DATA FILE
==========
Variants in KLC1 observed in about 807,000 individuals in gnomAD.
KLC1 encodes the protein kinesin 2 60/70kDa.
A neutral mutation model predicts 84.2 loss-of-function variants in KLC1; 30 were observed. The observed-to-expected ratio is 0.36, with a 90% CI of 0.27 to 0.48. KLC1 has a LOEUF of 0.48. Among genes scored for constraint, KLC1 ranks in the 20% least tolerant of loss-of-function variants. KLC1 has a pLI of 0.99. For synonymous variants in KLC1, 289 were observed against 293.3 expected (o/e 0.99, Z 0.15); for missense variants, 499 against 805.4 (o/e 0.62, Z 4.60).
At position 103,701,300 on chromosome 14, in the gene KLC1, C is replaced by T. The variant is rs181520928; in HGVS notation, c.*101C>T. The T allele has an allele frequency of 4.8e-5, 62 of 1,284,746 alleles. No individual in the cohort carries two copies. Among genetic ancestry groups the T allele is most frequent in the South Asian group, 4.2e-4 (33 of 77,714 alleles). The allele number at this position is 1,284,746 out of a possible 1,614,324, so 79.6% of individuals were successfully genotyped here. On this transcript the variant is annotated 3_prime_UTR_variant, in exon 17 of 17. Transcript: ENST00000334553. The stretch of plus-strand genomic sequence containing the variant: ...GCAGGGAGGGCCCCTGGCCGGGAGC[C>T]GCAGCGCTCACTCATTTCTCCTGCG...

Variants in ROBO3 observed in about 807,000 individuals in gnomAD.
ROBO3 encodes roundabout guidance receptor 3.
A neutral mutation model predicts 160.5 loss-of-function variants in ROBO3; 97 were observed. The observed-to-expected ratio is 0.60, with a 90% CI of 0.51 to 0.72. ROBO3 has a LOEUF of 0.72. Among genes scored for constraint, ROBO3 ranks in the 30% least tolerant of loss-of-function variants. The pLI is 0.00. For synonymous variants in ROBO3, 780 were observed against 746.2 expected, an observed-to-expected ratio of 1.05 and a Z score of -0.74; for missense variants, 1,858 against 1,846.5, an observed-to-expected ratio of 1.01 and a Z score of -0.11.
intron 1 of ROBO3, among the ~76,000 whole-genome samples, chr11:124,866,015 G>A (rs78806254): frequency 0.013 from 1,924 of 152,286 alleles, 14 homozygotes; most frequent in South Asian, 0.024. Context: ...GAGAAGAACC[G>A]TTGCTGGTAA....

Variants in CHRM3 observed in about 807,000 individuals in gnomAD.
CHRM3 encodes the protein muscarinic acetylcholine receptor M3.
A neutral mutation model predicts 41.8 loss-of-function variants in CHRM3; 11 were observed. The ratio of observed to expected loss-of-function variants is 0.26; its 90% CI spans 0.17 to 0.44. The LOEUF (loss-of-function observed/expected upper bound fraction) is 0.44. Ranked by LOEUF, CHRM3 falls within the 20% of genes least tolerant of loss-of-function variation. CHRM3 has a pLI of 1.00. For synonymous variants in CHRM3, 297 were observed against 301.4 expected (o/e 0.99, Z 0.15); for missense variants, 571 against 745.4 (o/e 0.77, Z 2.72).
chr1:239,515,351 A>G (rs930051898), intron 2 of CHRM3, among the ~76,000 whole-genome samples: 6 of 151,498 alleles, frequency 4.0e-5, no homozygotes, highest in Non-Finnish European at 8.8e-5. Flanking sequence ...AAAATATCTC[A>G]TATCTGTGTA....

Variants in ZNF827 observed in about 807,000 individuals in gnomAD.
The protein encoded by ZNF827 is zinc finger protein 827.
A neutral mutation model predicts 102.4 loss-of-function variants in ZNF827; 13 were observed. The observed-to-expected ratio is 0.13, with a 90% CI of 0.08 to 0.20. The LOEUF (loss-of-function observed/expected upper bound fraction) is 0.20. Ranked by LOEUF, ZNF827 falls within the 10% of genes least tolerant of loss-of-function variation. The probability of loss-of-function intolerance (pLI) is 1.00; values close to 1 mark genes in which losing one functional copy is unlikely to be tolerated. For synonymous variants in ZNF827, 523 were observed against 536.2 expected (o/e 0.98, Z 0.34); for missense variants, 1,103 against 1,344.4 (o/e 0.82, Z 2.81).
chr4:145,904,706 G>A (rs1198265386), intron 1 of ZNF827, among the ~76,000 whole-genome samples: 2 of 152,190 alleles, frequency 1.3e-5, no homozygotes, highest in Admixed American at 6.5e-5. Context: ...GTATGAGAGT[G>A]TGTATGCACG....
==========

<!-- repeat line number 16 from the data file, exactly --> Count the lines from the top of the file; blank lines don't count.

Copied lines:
chr4:145,904,706 G>A (rs1198265386), intron 1 of ZNF827, among the ~76,000 whole-genome samples: 2 of 152,190 alleles, frequency 1.3e-5, no homozygotes, highest in Admixed American at 6.5e-5. Context: ...GTATGAGAGT[G>A]TGTATGCACG....